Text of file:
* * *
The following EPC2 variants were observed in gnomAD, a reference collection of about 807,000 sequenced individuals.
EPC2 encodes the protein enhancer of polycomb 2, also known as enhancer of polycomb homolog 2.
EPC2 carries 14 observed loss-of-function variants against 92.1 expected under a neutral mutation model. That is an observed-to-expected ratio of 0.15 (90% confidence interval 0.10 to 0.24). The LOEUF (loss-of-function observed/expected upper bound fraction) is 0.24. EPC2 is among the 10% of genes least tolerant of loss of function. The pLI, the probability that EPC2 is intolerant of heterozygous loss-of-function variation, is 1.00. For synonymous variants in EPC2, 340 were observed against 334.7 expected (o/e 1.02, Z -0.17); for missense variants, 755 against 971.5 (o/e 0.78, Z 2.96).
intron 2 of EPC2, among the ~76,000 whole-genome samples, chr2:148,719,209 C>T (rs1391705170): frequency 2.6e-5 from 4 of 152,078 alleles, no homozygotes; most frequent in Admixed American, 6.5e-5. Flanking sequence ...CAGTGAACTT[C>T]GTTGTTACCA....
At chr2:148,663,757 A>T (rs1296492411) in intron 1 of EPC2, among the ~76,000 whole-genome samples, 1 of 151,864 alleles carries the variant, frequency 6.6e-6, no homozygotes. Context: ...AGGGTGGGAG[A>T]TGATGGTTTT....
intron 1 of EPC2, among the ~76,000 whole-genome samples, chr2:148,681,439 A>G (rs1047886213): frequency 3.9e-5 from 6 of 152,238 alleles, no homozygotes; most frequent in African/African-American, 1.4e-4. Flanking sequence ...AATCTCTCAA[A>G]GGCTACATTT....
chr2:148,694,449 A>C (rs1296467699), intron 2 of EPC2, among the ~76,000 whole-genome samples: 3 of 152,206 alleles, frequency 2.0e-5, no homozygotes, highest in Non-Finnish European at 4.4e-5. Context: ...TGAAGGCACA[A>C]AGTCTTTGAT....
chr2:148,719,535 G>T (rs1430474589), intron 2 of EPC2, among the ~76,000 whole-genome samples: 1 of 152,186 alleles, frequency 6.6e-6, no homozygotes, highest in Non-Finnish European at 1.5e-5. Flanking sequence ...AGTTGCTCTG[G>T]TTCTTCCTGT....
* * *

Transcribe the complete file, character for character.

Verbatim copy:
The following EPC2 variants were observed in gnomAD, a reference collection of about 807,000 sequenced individuals.
EPC2 encodes the protein enhancer of polycomb 2, also known as enhancer of polycomb homolog 2.
EPC2 carries 14 observed loss-of-function variants against 92.1 expected under a neutral mutation model. That is an observed-to-expected ratio of 0.15 (90% confidence interval 0.10 to 0.24). The LOEUF (loss-of-function observed/expected upper bound fraction) is 0.24. EPC2 is among the 10% of genes least tolerant of loss of function. The pLI, the probability that EPC2 is intolerant of heterozygous loss-of-function variation, is 1.00. For synonymous variants in EPC2, 340 were observed against 334.7 expected (o/e 1.02, Z -0.17); for missense variants, 755 against 971.5 (o/e 0.78, Z 2.96).
intron 2 of EPC2, among the ~76,000 whole-genome samples, chr2:148,719,209 C>T (rs1391705170): frequency 2.6e-5 from 4 of 152,078 alleles, no homozygotes; most frequent in Admixed American, 6.5e-5. Flanking sequence ...CAGTGAACTT[C>T]GTTGTTACCA....
At chr2:148,663,757 A>T (rs1296492411) in intron 1 of EPC2, among the ~76,000 whole-genome samples, 1 of 151,864 alleles carries the variant, frequency 6.6e-6, no homozygotes. Context: ...AGGGTGGGAG[A>T]TGATGGTTTT....
intron 1 of EPC2, among the ~76,000 whole-genome samples, chr2:148,681,439 A>G (rs1047886213): frequency 3.9e-5 from 6 of 152,238 alleles, no homozygotes; most frequent in African/African-American, 1.4e-4. Flanking sequence ...AATCTCTCAA[A>G]GGCTACATTT....
chr2:148,694,449 A>C (rs1296467699), intron 2 of EPC2, among the ~76,000 whole-genome samples: 3 of 152,206 alleles, frequency 2.0e-5, no homozygotes, highest in Non-Finnish European at 4.4e-5. Context: ...TGAAGGCACA[A>C]AGTCTTTGAT....
chr2:148,719,535 G>T (rs1430474589), intron 2 of EPC2, among the ~76,000 whole-genome samples: 1 of 152,186 alleles, frequency 6.6e-6, no homozygotes, highest in Non-Finnish European at 1.5e-5. Flanking sequence ...AGTTGCTCTG[G>T]TTCTTCCTGT....